The Quick 10: 10 Stonehenge Substitutes
Is Stonehenge on your list of places to visit someday? If "someday" means more like "in 20 years" as opposed to "in October," you can get your Stonehenge fix elsewhere until you're able to make it to Wiltshire County, England. Here are 10 other Stonehenge-like places "“ some that are just as impressive as the real thing and a couple that are slightly tongue-in-cheek.
3. Callanish Stones. The Callanish Stones are apparently what happened long ago when the giants who lived on the Scottish isle of Lewis refused to convert to Christianity: they denied the religion and were turned into great lumps of stone. In reality, the site was erected sometime around 2900-2600 BC. It's not yet known if the stones were meant to be a burial tribute, a calendar, or both. Human remains have been found there, but the alignment of the stones also seem to correspond with positions of the moon.
4. Woodhenge can be found at the Cahokia Mounds in Illinois. At its peak in 1250 AD or so, Cahokia was the biggest city north of Mexico. And an advanced city at that "“ there's evidence that the cedar posts found in a circular pattern at the site were used to mark solstices and equinoxes. There's a Woodhenge just two miles away from the real Stonehenge as well.
5. Carnac Stones. The Carnac Stones (there are thousands of them) of Brittany, France, have a legend similar to that of the Callanish Stones "“a bunch of pagan soldiers were chasing Pope Cornelius (he was Pope from 251-253 AD) when he grew tired of their antics and turned them to stone. Theories as to the stones' actual use range from the usual calendar theory, to the idea that they made have been early seismic instruments, to the thought that Druids used them for religious and ceremonial purposes.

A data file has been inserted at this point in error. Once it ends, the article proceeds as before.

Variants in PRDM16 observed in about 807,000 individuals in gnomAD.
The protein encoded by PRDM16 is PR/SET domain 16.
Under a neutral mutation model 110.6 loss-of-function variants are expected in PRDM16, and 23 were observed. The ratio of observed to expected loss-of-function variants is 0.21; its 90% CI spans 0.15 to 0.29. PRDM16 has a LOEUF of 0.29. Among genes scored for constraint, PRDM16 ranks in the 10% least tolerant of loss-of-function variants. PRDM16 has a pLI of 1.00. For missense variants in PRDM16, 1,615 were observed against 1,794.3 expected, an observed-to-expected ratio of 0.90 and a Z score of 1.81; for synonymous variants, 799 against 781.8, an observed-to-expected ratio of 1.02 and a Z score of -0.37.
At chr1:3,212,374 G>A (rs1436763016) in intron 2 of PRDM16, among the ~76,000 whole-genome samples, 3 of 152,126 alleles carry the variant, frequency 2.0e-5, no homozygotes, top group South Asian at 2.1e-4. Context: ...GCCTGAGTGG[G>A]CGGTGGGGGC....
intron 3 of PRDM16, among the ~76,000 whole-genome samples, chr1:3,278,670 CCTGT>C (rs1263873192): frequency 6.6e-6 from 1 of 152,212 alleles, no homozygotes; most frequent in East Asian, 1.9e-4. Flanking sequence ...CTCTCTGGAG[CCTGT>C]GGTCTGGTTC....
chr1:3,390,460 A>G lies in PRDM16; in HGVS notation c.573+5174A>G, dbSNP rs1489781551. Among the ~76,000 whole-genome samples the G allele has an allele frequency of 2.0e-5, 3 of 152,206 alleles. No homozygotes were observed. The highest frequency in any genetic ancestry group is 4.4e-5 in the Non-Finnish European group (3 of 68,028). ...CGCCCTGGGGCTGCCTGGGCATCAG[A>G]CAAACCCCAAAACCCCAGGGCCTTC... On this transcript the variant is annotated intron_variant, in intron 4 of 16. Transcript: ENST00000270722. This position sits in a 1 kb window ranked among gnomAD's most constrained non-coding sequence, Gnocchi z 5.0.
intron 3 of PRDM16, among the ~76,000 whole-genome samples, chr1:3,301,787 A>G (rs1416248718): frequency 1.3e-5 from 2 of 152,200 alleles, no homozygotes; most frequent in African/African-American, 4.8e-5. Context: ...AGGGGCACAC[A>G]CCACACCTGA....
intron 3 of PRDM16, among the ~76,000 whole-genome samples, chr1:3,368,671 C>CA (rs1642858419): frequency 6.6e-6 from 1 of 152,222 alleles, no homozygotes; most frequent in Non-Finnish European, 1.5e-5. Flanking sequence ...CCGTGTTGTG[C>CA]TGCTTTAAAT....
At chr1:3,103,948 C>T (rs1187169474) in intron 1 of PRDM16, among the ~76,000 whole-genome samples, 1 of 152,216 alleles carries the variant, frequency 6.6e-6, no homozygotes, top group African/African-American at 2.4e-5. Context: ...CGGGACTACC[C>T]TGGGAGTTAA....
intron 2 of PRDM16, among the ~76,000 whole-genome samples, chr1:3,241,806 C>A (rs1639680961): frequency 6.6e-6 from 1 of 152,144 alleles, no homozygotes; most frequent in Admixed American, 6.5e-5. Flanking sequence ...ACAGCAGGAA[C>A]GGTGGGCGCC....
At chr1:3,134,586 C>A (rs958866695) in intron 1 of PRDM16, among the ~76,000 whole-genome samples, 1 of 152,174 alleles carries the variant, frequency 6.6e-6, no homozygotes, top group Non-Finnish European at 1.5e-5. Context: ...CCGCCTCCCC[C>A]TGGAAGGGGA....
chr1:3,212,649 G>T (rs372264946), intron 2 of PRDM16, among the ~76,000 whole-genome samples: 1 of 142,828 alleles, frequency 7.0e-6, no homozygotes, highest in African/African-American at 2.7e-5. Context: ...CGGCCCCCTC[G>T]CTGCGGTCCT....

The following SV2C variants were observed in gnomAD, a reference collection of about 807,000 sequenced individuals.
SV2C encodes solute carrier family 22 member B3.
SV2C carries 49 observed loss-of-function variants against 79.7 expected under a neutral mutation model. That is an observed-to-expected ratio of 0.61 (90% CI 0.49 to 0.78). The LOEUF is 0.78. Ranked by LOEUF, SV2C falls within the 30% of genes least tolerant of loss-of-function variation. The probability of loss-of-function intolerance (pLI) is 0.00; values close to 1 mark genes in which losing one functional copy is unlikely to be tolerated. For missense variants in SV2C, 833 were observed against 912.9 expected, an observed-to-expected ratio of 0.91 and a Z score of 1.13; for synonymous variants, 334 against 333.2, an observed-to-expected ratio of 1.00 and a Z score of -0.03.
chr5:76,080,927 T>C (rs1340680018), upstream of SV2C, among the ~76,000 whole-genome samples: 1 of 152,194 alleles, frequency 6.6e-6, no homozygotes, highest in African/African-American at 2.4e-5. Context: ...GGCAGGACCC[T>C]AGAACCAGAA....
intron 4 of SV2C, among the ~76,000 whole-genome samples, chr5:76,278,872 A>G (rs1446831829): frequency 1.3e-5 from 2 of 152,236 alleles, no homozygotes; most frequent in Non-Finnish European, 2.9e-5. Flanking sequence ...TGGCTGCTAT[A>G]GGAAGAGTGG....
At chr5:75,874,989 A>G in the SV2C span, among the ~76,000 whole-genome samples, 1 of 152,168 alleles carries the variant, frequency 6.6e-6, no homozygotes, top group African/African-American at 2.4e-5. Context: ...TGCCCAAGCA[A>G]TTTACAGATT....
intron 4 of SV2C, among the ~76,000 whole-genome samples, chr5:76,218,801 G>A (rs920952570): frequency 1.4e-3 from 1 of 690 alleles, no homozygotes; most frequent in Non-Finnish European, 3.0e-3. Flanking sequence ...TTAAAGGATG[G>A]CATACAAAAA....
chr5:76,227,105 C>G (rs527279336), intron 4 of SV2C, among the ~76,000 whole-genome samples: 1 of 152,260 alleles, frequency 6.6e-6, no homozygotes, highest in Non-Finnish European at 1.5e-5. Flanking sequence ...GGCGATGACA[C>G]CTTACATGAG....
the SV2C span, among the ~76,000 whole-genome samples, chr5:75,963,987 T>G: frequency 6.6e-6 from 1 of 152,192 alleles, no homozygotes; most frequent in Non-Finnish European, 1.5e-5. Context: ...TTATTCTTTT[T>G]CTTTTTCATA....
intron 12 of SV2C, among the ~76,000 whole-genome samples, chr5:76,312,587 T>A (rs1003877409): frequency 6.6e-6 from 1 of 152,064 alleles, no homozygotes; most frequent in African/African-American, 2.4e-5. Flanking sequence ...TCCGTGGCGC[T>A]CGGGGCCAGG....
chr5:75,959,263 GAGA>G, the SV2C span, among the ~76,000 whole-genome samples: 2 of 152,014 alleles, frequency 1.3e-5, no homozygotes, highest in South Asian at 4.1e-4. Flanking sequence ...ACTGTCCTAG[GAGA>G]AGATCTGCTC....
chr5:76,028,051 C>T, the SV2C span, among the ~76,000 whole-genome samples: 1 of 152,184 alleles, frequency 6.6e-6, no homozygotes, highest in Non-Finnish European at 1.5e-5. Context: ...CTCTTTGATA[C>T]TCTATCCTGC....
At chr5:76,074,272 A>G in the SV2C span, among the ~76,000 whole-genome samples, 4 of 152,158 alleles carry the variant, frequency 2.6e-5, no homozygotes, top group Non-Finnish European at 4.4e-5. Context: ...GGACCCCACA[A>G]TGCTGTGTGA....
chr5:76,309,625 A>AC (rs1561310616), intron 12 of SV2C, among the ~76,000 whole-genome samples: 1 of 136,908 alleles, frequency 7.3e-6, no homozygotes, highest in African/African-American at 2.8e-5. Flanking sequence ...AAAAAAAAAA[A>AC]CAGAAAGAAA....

9. Foamhenge. Stonehenge wasn't built in a day"¦ but Foamhenge was. In Natural Bridge, Virginia, a man named Mark Cline decided to erect his own personal homage to the English curiosity. Rather than waste a lot of time and effort carving the whole thing out of rock, he decided that foam would do just as well. His first attempt was too light and the whole thing was carried off in the wind after just three months. Cline has since found a heavier substitute and claims that his creation might last longer than the real thing since Styrofoam is nonbiodegradable.
10.Fridgehenge/Stonefridge. You can probably guess what Fridgehenge is. And if not, I'll let this masterpiece speak for itself:
Have you been to any of these? Or is there a Stonehenge-esque phenomenon near you? Let us know in the comments!